Midterm 2 Study Guide
Midterm 2 Study Guide 0087
Popular in Basics of Space Flight
verified elite notetaker
Popular in Astronomy
This 16 page Study Guide was uploaded by Austin Frownfelter on Tuesday November 3, 2015. The Study Guide belongs to 0087 at University of Pittsburgh taught by Dr. Regina Schulte-Ladbeck in Summer 2015. Since its upload, it has received 32 views. For similar materials see Basics of Space Flight in Astronomy at University of Pittsburgh.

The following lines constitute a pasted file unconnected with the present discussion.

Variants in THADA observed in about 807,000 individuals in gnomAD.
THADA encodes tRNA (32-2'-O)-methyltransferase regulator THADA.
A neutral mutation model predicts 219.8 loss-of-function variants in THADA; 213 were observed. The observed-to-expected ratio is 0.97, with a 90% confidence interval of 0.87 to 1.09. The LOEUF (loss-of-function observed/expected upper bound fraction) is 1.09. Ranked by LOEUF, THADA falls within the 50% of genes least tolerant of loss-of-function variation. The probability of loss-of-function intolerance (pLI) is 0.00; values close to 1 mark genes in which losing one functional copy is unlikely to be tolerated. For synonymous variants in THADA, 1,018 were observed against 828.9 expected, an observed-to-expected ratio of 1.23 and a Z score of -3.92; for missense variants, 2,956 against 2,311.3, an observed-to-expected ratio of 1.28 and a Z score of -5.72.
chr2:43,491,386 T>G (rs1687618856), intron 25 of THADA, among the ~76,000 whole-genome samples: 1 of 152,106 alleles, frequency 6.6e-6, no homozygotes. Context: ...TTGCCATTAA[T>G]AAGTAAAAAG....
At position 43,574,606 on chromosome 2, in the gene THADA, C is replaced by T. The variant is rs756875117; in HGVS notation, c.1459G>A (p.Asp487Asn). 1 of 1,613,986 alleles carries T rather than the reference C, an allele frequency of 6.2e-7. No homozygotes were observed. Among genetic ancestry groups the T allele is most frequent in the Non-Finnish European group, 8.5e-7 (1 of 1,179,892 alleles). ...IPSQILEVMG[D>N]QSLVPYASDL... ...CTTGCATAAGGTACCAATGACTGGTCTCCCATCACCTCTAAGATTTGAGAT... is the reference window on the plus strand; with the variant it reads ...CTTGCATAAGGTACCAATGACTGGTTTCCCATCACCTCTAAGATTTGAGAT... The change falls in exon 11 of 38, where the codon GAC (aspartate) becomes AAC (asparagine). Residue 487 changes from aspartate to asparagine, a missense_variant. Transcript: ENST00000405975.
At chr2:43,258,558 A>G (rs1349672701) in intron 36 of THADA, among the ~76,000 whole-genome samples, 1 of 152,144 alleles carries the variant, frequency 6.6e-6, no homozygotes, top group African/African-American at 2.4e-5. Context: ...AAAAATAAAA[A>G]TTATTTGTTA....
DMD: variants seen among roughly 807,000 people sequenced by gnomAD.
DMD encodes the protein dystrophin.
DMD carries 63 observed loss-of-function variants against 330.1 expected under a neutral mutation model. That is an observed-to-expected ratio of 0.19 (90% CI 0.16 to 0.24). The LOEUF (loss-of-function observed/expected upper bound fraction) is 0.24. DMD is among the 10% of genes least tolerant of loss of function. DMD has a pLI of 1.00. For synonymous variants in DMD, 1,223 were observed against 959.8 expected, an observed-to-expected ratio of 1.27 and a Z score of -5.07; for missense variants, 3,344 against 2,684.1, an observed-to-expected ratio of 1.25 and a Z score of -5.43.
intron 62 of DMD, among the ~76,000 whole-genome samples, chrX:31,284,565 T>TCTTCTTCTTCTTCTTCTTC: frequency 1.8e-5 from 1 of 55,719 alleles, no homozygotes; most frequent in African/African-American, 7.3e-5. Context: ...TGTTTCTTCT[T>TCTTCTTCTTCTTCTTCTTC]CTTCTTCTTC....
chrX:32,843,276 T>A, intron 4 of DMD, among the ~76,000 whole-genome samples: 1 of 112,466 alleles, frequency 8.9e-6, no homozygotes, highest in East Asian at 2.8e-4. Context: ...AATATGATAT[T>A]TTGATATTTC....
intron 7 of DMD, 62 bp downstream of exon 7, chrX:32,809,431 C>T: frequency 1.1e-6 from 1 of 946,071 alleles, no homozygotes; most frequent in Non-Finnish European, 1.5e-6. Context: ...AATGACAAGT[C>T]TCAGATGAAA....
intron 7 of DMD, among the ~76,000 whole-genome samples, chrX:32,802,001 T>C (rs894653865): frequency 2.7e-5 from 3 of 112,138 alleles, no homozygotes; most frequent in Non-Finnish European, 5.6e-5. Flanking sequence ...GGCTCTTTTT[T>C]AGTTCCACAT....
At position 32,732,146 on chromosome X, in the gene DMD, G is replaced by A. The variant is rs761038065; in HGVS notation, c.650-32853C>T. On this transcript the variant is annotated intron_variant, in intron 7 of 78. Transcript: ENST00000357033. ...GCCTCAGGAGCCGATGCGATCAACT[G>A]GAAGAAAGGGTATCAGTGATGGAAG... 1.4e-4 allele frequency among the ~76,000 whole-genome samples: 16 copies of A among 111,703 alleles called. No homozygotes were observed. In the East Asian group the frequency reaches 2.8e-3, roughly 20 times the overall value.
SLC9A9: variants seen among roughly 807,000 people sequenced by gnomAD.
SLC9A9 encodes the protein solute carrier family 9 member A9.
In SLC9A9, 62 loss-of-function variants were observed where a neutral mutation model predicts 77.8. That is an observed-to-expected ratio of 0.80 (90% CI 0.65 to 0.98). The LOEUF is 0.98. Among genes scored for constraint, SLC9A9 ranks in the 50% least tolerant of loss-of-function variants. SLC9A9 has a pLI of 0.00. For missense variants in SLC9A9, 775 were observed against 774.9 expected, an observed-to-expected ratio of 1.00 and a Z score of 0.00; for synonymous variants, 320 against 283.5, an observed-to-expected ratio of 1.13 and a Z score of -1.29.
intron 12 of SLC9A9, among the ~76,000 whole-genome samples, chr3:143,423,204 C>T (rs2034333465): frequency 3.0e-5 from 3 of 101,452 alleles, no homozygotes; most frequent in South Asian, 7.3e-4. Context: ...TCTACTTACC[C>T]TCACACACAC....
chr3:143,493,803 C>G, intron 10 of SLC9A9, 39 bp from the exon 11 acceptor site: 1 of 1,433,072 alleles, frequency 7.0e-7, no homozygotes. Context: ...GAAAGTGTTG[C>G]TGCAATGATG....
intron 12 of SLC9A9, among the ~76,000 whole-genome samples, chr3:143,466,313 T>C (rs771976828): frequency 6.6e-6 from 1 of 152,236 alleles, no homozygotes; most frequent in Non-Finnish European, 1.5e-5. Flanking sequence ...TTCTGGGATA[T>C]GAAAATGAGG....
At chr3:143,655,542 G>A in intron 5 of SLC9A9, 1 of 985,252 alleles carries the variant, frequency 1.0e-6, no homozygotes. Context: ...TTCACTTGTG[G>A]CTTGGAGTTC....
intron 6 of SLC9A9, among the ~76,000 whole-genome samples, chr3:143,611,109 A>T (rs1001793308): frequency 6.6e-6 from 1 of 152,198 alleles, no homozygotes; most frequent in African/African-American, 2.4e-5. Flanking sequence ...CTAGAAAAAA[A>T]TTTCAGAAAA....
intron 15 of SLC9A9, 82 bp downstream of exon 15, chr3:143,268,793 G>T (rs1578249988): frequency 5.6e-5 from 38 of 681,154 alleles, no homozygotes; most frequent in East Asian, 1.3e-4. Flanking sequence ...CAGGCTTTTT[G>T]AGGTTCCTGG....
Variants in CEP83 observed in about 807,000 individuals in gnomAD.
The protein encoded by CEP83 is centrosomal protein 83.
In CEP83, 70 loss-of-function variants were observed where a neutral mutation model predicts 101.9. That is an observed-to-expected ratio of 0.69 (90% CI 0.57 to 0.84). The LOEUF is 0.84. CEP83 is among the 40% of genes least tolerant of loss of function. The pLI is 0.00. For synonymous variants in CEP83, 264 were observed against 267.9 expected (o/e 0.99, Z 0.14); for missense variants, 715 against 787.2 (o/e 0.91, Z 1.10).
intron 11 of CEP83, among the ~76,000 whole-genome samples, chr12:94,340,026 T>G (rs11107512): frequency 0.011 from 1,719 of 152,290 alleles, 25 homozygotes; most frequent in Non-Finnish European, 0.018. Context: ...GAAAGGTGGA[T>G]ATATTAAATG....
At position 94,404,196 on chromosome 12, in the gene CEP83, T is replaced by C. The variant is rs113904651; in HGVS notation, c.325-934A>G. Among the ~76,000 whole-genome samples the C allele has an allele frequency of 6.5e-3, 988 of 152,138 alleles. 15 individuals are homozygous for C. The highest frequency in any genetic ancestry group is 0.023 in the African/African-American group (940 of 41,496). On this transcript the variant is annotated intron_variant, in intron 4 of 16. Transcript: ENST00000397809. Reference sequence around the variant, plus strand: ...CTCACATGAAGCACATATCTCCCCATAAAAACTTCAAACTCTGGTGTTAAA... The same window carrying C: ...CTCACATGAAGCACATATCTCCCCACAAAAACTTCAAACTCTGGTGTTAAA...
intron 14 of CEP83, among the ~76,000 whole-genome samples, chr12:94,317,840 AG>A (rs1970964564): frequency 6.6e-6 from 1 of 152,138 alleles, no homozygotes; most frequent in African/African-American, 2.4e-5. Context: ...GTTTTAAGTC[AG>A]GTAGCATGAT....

Reviews for Midterm 2 Study Guide
Report this Material
What is Karma?
Karma is the currency of StudySoup.
You can buy or earn more Karma at anytime and redeem it for class notes, study guides, flashcards, and more!
Date Created: 11/03/15